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! BY THE WAY.I !_<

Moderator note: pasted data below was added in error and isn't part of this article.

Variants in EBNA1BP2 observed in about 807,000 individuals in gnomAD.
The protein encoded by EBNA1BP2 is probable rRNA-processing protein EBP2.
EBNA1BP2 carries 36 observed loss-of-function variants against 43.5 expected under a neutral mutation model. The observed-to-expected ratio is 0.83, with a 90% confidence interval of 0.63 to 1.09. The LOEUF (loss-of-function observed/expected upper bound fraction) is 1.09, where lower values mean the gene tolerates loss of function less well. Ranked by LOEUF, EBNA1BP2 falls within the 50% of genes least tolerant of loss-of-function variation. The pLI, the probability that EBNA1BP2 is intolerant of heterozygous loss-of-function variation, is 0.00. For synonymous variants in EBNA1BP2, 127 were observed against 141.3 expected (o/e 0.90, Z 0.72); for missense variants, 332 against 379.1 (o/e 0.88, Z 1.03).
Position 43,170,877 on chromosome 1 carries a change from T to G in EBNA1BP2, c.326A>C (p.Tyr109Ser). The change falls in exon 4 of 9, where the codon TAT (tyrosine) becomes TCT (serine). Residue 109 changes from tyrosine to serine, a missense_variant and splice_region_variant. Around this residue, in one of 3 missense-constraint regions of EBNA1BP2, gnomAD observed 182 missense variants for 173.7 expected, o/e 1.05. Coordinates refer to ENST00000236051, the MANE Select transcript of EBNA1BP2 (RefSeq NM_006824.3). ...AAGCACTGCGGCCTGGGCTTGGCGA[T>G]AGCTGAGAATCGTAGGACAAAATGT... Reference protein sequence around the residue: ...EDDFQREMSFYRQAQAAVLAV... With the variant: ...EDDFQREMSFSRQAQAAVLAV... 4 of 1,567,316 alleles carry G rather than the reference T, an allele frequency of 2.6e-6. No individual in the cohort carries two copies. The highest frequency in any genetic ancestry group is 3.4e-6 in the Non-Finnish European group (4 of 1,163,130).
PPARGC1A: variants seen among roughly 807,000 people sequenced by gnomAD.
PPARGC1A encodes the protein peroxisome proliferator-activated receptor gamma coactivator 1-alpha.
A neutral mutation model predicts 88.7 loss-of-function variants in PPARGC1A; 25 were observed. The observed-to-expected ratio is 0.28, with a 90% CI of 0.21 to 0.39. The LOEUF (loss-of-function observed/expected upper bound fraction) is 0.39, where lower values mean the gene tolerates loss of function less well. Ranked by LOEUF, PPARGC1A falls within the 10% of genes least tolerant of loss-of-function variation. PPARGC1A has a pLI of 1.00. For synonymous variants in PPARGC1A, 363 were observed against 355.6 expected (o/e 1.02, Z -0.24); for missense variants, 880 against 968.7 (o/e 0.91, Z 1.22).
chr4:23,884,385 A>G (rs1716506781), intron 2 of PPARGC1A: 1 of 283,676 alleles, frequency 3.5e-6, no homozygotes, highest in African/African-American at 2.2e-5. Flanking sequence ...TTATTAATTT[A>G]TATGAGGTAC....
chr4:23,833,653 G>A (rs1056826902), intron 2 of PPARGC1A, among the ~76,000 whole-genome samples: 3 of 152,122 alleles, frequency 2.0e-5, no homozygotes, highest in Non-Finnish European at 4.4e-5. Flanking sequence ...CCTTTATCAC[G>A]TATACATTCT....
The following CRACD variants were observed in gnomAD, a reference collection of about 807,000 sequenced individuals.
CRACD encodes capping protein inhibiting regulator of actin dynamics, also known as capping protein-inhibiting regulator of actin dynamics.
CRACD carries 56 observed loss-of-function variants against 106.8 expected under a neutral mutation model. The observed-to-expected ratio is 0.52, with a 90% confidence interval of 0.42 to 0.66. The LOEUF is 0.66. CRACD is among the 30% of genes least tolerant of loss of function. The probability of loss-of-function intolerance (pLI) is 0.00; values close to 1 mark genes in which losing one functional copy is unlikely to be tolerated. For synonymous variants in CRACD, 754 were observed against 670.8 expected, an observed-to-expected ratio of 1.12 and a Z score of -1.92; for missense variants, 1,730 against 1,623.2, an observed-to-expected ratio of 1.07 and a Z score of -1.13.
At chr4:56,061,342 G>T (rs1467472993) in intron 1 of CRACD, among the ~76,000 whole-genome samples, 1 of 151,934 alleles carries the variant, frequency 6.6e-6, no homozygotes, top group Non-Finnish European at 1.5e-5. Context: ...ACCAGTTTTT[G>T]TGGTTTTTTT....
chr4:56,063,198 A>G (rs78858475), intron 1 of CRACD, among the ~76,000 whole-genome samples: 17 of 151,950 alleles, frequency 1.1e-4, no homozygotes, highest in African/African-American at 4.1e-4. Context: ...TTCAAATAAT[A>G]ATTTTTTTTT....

BY THE WAY. < A Comervativft Club is to be established at Moun- tain Ash. The four sons of the late Mrs. Powell, Anne-street, Treeytior, are all ministers of religion. Three are in Walts and one in America. St. Nicholas for March iff full of matter that will entrance and edify the juvenile intellect. The lowest of our quadrupeds is particularly readable. At the Board of Guardians on Saturday Mr. Dan Thomas affectionately referred to Mr. David Davies as his "junior colleague." Mr. Davies wa* not there to return the compliment. A correspondent asks us tu institute a comparison, on the score of ability, iwtween the Aberdare and the Mcrthyr Guardians. We have our opinion, but wild horses couldn't drag it out of us. Catholic priests are generally good men of business. Canon Wade and Father O'Reilly are reckoned among the smartest memtiers of the Board of Guardians, and they mv always ab!e to hold their own in that assembly. Is Mr. Andrew Lang a gipsyThere is a uian in Xew YOlk, named Sitnson, who thinks he is, and not only he, but John Bunyan, Corlyle, Francis Jeffrey, and many others. Mr. Simson is coming to South Wales soon to see whether Morien, Mr. Maclean, and Mr. Rollel t Bird have any Romany blood in their vieus. It was at the meeting of the Brecon-road Li'>eial Association, when the question of "one man one hoard" was discussed. There was a creaking noise from a bench, which caused much merriment. That w-is a case of 6HJ men one board," and the bench raised its voice in revolt against the multiplicity of seats. Mrs. Humphry Ward's novel, Sir George Tiessady," pursues the even tenour of its way in the pages of the Century. Another noteworthy article in the March numlier is MrF. Crawford's sketch of the elder Dumas. The writer, as all the world knows, is the Paris correspondent of the I)ailu Nci,-s. The illu*trations, as usual, are exquisite. One of the speakers at the Brecon-road Lit)erat Aasociation meeting said that he met a local legislator the other day. He (the legislator) complained of the work he had to do for the sake of the public he had been at it all that day, and had only had time to eat I a bun since breakfast. Hard lines, this. If it comes t) one member one bun," things will get awkward. At a sale by auction at Merthyr on Tuesday, Mr. Thomas Wake, the well-known tobacconist, offered a certain annnllt for a certain article. Just after the hammer had descended, making Mr. Wake the pur- chaser, another gentleman went a shilling higher. "I bid another Khilling," ho exclaimed. "But you are too late," replied the auctioneer. "You are not a-wake, yet. MacmUlon # Magazine for March is a very interest- ing number. The personal reminiscence of the late Alexander Macmillan is readable, and throws ntucn light 011 the origin of the magazine. Other note- worthy contributions are: "Thomas Cathro's Clock," The remarkablea of Captain Hind, Master Thief of Sngland," The Songs of Piedigrotta," and A Domestic Drama." We are glad to Bee Mwinillan maintaining its old literary standard so well. Miss Jane Douglas Roleley, who has just died at Swansea at the age of ninety-six, was a daughter (f the late Captain Roleley, who served with Nelson on hoard the Victory. A relic in her {xwsession was the breeches worn by Lord Nelson at the Battle of Trafalgar. Her grandfather kept the Mackworth Hotel at Swansea, where Ndson stayed, with the result that young Roleley entered the Navy, and ultimately became possessed of the breeches. A writer in a London paper saya The Welsh hin/l meat.s vndulotion, and refers to the wave-like rise and fall of the voice through sevcral semi-tones, now louder, now softer, which form the gamut of Welsh devotional utterance. It is said that only the Welsh Nonconformist preachers can produce it in perfection, though a good many of the Welsh clergy, having been brought up among Nonconformists, are fair proficients in the art. The effect of thi" singular sustained wail on a Welsh congregation is extraordin- ary, raising them at times to a pitch of emotional excitement." Very beautiful and poetical were the old" emUel- lishments of the Triads. They gave to the moon the titles, "Sun of Night, "The Beautiful," and "Sun of the Fairies." The stars were called Eyes of Serenity," Candles of Heaven or God," and "Gems of the Sky." The waves were the "Sheep of Gwen- hidwy," "Dragons of the Salt Deep," and "Blossoms of Oct-an." The flowers were "Gems ofj Shrubs," j "Bennties of Summer," and Eyes of Zepliyi- The herbs were called Mantle ot Summer," A spect of Beauty," and Hall Floor of Lon." and tho wind bore the appeJlation of "Hero of the World," Architect of Bad Weather," and Assaulter of the Hille." Mr. Birrell madj- an extraordinary comes- ion to the House of Commons the other night. He has been a member for six years. The library is a mag- nificent one, full of looks of historic value and philosophical calm." Yet during the whole six years he has never read a single hook in that library. Why ? The reason was he had no mind to bring to bear upon a book in the asphyxiating atmosphere of the Home, and the distress which came of being con- demned to spend so much time in doing nothing." Can it be that the asphyxiating atmosphere prevents Mr. Birrell from writing as well as reading books. Fortunately, it has no depressing effect upon his speeches. King Prembi and the Ashanti expedition are esti- mated to cost this country £ 120,000, against which the crown, gold dust, and jewels of the dethroned monarch tu-ty be expected to rank as assets. The regimental p-ty is set down at £8,500; medical establishment, J62,500 trsnsport and remounts, £ 67,000; provision", forage, etc., £ 2,700; trading establishment and service, £ 10,000; warlike and other stores, £ 15,000. The payment of the native carriers, estimated at about B<0,000, has been met out of the funds advanced by the Colonial Treasurer on the Gold Coast. The balance of the cot of the expedition, to meet which the supplementary estimate has been framed, will be ultimately repaid by the Colonial Government in instalments. Mr. G. D. Leslie, R.A., told Churns a stoiy of Lady Beacons-field which has the merit of being new I recollect once getting into conversation, on n railway journey, with a linen-draper, who told me that when he was serving in a London shop a lady came in and asked for some satin. None being good enough, the lady volunteered the information that she wanted the satin for the purpose of making serviettes with it. The customer was Lady Beaconsfield, and she pro- posed to have [tarts of one of the speeches of her hus- band engraved in gold upon the satin, which, when made into napkins, was to be used at a dinner party given to the most prominent members of the Conser- vative Party." Lady Beaconsfield, as is well known, was very proud of her husband, and no doubt the story is also true. Thus the Westminster Gazette We gather from a highly exciting article in the tMilu JVewts that our liberties, if not our lives, are seriously threatened by a piece of apparently harmless legislation. We are to be liable to summary arrest, trial without sworn evidence, and punishment by fine or imprisonment, for strolling over a common, or walking in our neigh- bour's neld, even though we have his permission. All this is to be made possible if Mr. Brodrick's Military Manoeuvres Bill is passed into law. It is a liorrib'e picture of our natural rights being snatched from us at the hands of a Ministry which took office to defend the Constitution. But we are not surprised. The liberties of Parliament already have disappeared in the guillotine, and now we have Tory journals point- ing out that the country does not care for a Govern- ment whose home policy is the gag and whose foreign is atrocity-mongering. We sigh for a bye-election, in i which we might depict the villainies contemplated under this Military Manceuvres Bill. We should do this with special satisfaction when we remember the Military Manoeuvre by which,Mr. Brodrick upset the last Government. The "Brabazon Employment Society," now being introduced into the Merthyr Union, was founded 14 year-) ago by the Countess of Meath, then Lady Braba7.on. She had in 1880 offered a grant for material to any workhouse or infirmary that would try her scheme. The offer was not accepted till 1883, and then only by one workhouse infirmary, viz., Kensington. At the beginning of 1892 there were but 20 branches formed, now there are 90. This show-) that the B.E.S. is at last being appreciated. Its object is to give an interest to the lives of that saddest of all sad classes— the non-able-bodied paupers. These poor people-old, infirm, crippled, blind—are neces- sarily doomed to perpetual idleness so far as the workhouse officials are concerned. The aim of the B.E.S. is to alter this condition of things by teaching the inmates light and pretty employment, without in any way intarfering with the rules of the house. No inmate can be employed that is not exempt from work- by the Guardians, and to whom the matron has not given her permission. The pride the pupils take in gradually producing good, saleable work soon revives the self respect lost by years of pauperdom, and the whole tone o{ the man or wotaan changes. All help given iu teaching the various kinds of work is volun- tary. Each branch is self-supporting. This is effected by a yearly sale, which is held in order to provide I money for freiih materials. Tho surplus (invariably I made beyond the amount of the original grant) i;nised in vai ious ways for the benefit of the workers. No payments of any kind are admissibly